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Small Gains Foreseen for TSX

Futures for stock indices in Canada were slightly higher on Monday, as investors shrugged off reports that Washington is considering delisting Chinese companies from U.S. stock exchanges.

The S&P/TSX index doffed 96.13 points Friday to 16,694.27, a sharp dive of 205 points, or 1.2% on the week.

The Canadian dollar settled 0.05 cents to 75.49 cents U.S. early Monday

December futures gained 0.1% early Monday.

BMO cut the target price on CCL Industries to $69 from $70

Canaccord Genuity initiated coverage on Akumin Inc. with buy rating

On the economic front, Statistics Canada's industrial product price index rose 0.2% in August. Higher prices for meat, fish and dairy products and for primary non-ferrous metal products were mostly offset by lower prices for energy and petroleum products.

Meanwhile, the agency's raw materials price index fell 1.8%, mainly as a result of lower prices for crude energy products.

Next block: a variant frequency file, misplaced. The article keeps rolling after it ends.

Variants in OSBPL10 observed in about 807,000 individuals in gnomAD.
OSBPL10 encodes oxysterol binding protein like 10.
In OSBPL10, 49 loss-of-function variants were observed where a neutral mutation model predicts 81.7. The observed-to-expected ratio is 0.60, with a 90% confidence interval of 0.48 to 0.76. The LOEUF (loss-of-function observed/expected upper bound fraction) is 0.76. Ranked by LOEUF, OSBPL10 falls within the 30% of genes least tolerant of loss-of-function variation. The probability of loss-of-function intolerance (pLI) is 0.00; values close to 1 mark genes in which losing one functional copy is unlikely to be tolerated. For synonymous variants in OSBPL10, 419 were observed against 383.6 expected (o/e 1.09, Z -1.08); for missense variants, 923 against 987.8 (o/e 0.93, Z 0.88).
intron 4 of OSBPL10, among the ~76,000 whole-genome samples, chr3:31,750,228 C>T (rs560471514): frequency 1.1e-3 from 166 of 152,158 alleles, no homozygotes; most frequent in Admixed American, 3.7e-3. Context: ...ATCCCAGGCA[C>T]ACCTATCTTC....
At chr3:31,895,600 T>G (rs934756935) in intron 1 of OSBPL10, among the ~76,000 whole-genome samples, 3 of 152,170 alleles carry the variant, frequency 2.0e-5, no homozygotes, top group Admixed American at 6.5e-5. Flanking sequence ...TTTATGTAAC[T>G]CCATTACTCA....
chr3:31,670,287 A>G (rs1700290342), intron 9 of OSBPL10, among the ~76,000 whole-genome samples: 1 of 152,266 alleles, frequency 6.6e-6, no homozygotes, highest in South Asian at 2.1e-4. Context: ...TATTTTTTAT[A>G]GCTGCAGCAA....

ON BAYSTREET

The TSX Venture Exchange faded 3.55 points Thursday to 574.83

ON WALLSTREET

U.S. stock index futures rose on Monday, the last day of September, as investors kept an eye on the latest trade developments between the U.S. and China.

Futures for the Dow Jones Industrials picked up 68 points, or 0.3%, early Monday to 26,864

Futures for the S&P 500 gained 8.25 points, or 0.3%, at 2,972

NASDAQ Composite heightened 31.75 points, or 0.4% to 7,733

It's a quiet day for companies reporting earnings, with Thor Industries among the few stepping forward.

The major indexes were headed for a mixed monthly performance. The NASDAQ was down slightly for September entering Monday's session while the S&P 500 and Dow were up more than 1%.

On the data front, Chicago Purchasing Managers Index figures for September are due at 8:45 a.m. ET and Dallas Fed manufacturing index data will be published at 9:30 a.m. ET.

Wall Street ended lower last week on reports that the White House is considering limiting U.S. investment into China, including a possible de-listing of Chinese companies from U.S. stock exchanges, in a further escalation of the ongoing trade dispute between the world's two largest economies.

U.S. and China trade delegations are due to meet on Oct. 10 as both sides try to move closer to a deal. Both countries have slapped tariffs on billion of dollars worth of their goods, dampening expectations for economic and corporate profit growth.

Overseas, in Japan, the Nikkei 225 flopped 0.6% Monday, while in Hong Kong, the Hang Seng index gained 0.5%

Oil prices sank 61 cents to $55.30 U.S. a barrel.

Gold prices dropped 16 dollars to $1,490.40 U.S. an ounce.

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